Monday, March 30, 2009

Stress Revealed: An exclusive feature from students just like you

Hold it! Before you completely pull your hair out, you may wanna check out my feature story on Stress Management at TU. In this feature story, you'll meet two students, right here at Towson, who tell their stories of stressful encounters. Featured inside are TU sophomores, Kevin Stewart and Jasmine Pitts as well as Dr. Jaime Fenton, the coordinator of Eating Disorders at Towson's Counseling Center. Kevin and Jasmine provide tips and experience into their lives as students while Dr. Fenton gives perspective from a professional standpoint elaborating on the subject with answers to key concerns from students like you. There are only seven weeks remaining in the semester, but stress has no time limit. So before you stress and complain about homework, papers or finals take a look and discover how your study habits can improve in no time at all.

For your listening ear

Recently, I completed an audio story continuing my beat on stress here at Towson. My story is entitled, "Its not just TU, students are stressed across Maryland campuses." The purpose of my story was to show stress from a new perspective featuring students from other local colleges and universities. In my story, your introduced to my brother Brandon Wright, a freshman at UMBC who can't find time to get all his daily tasks completed in a stress-free manner. Secondly, you'll meet Joy Williams, a junior at McDaniel College who found unique ways to keep her cool while under intense pressure. Joy's methods are so simple, yet students consistently let stress take over without taking time to breathe in between work loads. I want this story to illustrate that students here at Towson are not alone in their personal fight against stressful situations. I encourage you to take a listen at my audio story and let the weight be lifted off your least for 1:13. Enjoy!

Tuesday, March 10, 2009

My Audio Story-Brainstorming

For my audio story, I haven't quite decided on what I am going to write my story about just yet. My beat blog focuses on student stress here at Towson, but I think that I may want to travel off campus for this story to get a different perspective on what students on other campuses are going through to show variety. I have a few sources in mind that I may want to interview and I will conduct these interviews over spring break. If my story idea is approved, I will be talking to students from McDaniel College, UMBC and College Park. The interview subjects that I have in mind are extremely knowledgeable and could provide excellent soundbites from their rountine ventures. I haven't quite worked out the natural sound that I could grab from the interviews, but I will keep brainstorming and promise to come up with an idea soon. Wish me luck!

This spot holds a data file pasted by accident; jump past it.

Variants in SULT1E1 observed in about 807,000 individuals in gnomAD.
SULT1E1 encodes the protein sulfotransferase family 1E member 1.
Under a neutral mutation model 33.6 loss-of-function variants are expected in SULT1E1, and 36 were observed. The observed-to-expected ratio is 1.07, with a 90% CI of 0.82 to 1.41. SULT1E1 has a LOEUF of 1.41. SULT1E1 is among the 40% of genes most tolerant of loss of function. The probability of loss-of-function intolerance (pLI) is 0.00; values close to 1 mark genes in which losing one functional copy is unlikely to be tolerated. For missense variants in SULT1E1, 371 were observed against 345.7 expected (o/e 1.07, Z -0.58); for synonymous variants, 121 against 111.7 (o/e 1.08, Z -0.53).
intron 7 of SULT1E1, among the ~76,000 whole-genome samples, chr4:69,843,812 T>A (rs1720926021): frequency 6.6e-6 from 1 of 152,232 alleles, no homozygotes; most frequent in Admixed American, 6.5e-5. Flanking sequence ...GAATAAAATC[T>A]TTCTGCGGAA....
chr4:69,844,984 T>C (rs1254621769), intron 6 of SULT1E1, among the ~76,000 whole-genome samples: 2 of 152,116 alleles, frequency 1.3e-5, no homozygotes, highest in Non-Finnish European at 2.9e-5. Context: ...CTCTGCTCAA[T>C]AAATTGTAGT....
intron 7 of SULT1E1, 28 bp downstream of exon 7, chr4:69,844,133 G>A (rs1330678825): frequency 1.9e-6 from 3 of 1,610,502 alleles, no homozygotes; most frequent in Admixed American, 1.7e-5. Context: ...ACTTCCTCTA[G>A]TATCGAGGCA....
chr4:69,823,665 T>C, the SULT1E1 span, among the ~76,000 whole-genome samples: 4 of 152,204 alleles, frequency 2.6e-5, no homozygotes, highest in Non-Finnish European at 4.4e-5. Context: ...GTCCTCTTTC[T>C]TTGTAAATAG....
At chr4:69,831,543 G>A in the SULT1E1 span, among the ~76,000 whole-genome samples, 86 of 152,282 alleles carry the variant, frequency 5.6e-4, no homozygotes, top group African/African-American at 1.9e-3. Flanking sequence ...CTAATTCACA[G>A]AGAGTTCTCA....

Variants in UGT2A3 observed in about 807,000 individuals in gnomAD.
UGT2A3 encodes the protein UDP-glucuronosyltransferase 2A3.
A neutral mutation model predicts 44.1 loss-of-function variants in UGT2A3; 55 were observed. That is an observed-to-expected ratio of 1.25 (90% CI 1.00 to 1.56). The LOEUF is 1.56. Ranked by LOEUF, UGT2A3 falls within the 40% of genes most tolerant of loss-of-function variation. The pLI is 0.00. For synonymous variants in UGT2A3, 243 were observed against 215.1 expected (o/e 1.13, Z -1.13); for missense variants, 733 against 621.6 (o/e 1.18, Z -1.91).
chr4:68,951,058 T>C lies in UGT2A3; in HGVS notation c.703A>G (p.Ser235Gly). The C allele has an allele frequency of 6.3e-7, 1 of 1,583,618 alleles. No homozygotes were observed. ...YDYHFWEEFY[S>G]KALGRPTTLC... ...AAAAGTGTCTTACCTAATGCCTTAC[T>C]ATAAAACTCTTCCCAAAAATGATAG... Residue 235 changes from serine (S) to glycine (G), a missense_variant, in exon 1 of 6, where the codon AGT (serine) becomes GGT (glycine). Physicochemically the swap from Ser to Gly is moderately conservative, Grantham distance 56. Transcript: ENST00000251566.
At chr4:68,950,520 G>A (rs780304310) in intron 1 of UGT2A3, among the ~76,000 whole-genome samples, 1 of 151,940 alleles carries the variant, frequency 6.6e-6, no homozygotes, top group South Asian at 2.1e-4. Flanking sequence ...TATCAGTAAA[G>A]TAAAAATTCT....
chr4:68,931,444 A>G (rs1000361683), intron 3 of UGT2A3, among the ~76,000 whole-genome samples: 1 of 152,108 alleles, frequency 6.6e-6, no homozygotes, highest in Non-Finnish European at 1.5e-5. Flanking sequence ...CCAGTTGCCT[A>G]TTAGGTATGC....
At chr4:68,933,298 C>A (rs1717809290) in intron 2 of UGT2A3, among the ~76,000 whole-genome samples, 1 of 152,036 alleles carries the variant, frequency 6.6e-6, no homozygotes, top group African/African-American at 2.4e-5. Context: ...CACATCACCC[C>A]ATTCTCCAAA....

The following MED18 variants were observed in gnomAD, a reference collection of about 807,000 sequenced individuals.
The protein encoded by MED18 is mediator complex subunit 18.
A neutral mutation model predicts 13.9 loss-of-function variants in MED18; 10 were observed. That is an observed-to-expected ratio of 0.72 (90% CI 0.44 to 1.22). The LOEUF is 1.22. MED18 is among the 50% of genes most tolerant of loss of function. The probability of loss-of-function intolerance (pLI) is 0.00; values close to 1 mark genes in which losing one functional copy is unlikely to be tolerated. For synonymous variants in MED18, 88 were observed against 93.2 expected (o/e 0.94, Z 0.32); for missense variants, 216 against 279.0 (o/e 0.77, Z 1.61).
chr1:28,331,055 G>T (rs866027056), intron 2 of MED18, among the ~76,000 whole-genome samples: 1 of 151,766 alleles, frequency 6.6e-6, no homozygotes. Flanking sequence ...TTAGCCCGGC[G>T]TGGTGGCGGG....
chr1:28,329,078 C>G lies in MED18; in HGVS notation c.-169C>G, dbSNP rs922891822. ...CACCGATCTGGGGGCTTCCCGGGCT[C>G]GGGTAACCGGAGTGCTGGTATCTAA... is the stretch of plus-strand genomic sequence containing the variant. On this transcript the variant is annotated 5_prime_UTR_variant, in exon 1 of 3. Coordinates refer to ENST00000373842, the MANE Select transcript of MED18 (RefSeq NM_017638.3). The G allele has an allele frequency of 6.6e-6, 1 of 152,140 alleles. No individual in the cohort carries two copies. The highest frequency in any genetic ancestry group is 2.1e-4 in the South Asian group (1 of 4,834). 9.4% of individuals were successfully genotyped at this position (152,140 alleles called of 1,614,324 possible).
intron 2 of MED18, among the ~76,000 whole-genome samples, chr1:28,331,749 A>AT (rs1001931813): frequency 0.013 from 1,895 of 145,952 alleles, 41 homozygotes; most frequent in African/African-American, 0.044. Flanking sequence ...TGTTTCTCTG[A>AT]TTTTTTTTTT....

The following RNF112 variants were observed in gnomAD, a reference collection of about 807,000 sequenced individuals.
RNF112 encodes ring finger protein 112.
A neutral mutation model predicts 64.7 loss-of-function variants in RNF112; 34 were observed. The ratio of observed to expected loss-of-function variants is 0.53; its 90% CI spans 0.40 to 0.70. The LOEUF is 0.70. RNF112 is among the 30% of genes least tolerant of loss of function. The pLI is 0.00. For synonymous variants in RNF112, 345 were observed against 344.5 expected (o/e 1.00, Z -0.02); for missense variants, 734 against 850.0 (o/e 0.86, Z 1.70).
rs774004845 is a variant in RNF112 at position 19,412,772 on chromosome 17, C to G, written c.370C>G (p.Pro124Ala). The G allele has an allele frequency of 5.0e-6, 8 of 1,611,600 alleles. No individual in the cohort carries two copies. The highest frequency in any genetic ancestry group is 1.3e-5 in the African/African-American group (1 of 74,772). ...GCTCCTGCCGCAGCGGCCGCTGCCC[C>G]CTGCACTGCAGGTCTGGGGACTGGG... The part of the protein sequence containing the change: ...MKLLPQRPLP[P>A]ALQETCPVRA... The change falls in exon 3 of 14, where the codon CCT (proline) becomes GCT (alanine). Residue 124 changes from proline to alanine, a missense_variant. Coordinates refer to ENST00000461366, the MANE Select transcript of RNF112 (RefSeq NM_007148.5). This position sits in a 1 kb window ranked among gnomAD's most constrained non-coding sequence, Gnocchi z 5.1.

Wednesday, March 4, 2009

Print Leads vs. Broadcast Leads...Can you tell the difference?

Whether in print or broadcast news, the lead is the hard-hitting element of the news story. Highlighting the 5w's and pertinent information to gain reader or viewer interest in the story. The following examples were found either in the Baltimore Sun or the New York Times and were changed from print to broadcast with similarities, but distinct differences.

Example #1
Print: The Baltimore Sun "Girl attacked in Odenton on way home from school"
Police have released the name of a 33-year-old woman who was killed in a fiery crash that injured her young daughter in Glen Burnie this morning, authorities said.

Broadcast Version
Authorities say police have released the name of a 33-year-old woman killed in a fiery car crash that injured her young daughter in Glen Bernie this morning.

Example #2
Print: The Baltimore Sun "Woman Killed, child hospitalized after fiery collision"
An 11-year-old girl on her way home from school was dragged into the woods, thrown to the ground, kicked and robbed in Odenton yesterday, police said.

Broadcast Version
Police say an 11-year-old girl was dragged into the woods, thrown to the ground, kicked and robbed in Odenton yesterday on her way home from school.

Example #3
Print: The New York Times "Woman Found in Smoke-Filled Harlem Fire"
An unconscious woman was dragged from her burning sixth-floor apartment in East Harlem on Tuesday morning by firefighters who had to crawl through dense smoke, using their hands to feel the walls and floors in front of them, fire officials said.

Broadcast Version
Officials say an unconscious woman was dragged by firefighters from her burning sixth-floor apartment in East Harlem on Tuesday.